The foil sections are double slotted and elliptical in shape, and the full-turn tack swivel allows the mid portion of the sail to lead off in the furling/reefing process, reducing excess draft in roller-reefed sails.
Bottom line: Among a field of quality products, Furlex stands out for its investment cast stainless hub and bearings.
Harken has two new furling systems on the market, and both eliminate the "built in" turnbuckle that Harken had used for decades. The new Mark IV system incorporates the twin slot foil of its proven predecessor the Mark III. The unit retains the full rotation tack and head swivels that cause the furling and reefing operation to flatten the mid portion of the headsail first—a feature that many sailmakers prefer.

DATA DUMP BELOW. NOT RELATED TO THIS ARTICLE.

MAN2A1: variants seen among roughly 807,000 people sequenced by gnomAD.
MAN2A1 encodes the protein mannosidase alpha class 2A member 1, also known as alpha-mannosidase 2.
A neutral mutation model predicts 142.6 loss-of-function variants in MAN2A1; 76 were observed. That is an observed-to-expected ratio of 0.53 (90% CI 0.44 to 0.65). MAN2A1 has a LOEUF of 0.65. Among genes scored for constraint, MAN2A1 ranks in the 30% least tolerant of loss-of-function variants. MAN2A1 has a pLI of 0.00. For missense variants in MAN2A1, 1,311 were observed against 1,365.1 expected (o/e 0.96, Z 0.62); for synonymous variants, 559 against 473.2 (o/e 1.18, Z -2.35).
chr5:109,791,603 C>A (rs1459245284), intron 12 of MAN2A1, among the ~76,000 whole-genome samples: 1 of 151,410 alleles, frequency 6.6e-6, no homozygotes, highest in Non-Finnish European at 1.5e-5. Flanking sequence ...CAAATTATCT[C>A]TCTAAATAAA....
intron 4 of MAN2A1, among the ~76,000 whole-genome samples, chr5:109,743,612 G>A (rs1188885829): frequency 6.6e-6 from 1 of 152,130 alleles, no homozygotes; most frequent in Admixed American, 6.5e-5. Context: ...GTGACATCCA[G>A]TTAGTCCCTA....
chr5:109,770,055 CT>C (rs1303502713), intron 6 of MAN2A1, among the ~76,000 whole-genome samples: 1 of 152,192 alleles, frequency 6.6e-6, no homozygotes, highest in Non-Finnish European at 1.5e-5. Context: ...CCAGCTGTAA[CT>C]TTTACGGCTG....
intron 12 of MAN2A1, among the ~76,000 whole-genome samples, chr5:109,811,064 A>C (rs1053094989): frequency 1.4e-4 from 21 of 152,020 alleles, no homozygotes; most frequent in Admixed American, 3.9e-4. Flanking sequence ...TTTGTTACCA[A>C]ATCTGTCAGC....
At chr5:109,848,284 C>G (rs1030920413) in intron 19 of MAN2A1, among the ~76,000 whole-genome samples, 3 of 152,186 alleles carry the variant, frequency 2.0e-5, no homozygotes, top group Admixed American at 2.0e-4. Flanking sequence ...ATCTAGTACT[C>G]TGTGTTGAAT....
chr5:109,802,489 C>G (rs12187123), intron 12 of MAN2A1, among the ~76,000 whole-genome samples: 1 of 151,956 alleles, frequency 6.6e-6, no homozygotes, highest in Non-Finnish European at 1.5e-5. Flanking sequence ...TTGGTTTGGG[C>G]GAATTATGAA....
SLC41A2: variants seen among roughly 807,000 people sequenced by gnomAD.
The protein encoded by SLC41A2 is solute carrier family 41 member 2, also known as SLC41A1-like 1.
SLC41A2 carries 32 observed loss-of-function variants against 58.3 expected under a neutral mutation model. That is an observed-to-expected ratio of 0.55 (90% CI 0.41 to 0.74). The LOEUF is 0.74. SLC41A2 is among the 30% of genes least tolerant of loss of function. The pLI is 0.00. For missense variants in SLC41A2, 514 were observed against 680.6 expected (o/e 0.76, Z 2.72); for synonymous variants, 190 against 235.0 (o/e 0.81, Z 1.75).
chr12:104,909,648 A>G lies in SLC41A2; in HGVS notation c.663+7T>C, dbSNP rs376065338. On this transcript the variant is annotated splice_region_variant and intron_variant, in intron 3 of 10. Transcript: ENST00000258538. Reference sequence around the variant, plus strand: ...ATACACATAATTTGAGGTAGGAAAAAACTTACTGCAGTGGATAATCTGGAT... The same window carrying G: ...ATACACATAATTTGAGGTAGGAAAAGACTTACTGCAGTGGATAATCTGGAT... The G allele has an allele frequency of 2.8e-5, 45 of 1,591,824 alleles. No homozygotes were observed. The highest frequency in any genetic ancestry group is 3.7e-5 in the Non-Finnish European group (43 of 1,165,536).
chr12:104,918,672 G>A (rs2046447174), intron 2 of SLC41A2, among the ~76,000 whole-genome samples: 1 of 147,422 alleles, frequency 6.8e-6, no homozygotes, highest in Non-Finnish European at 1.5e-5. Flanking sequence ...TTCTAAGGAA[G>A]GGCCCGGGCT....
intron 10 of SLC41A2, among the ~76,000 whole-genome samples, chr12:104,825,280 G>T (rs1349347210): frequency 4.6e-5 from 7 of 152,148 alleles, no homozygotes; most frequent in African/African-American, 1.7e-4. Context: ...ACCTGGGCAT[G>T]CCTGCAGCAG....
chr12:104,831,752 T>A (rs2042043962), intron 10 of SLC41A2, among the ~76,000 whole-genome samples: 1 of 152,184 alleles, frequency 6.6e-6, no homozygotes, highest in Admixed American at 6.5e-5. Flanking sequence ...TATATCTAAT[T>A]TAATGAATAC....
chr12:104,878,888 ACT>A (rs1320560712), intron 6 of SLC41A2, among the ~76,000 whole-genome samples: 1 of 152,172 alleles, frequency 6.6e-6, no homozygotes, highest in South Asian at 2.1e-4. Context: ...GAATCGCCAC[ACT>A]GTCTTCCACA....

The big change for Harken is going to a two-tiered approach and offering different units to cruisers and racers with the Mark IV being the racing/performance cruising option. On both systems, thrust and axial loads are handled by a combination of Delrin and Torlon bearings nicely tucked away in the drum and hidden from sunlight. The interlocking foil segments are secured with captured links that are held in place with adhesive and mechanical fasteners.
Bottom line: We found the Mark IV is a compact and efficient furler. It gets the PS Recommendation as it’s certainly destined to be a favorite among more performance-oriented sailors.
Harken Cruising 1
The Harken Cruising Unit No. 1 utilizes a rounded foil section with a single track. It likely will handle more furling and reefing torque than the foil used on the Mark IV system.
Flat-head screws and Loctite work in conjunction with Easy C-shaped connectors and bushings to install the head foil over an existing headstay and turnbuckle. The tack of the cruising furler is fixed to the drum, eliminating the flattening feature that many came to appreciate in earlier Harken gear.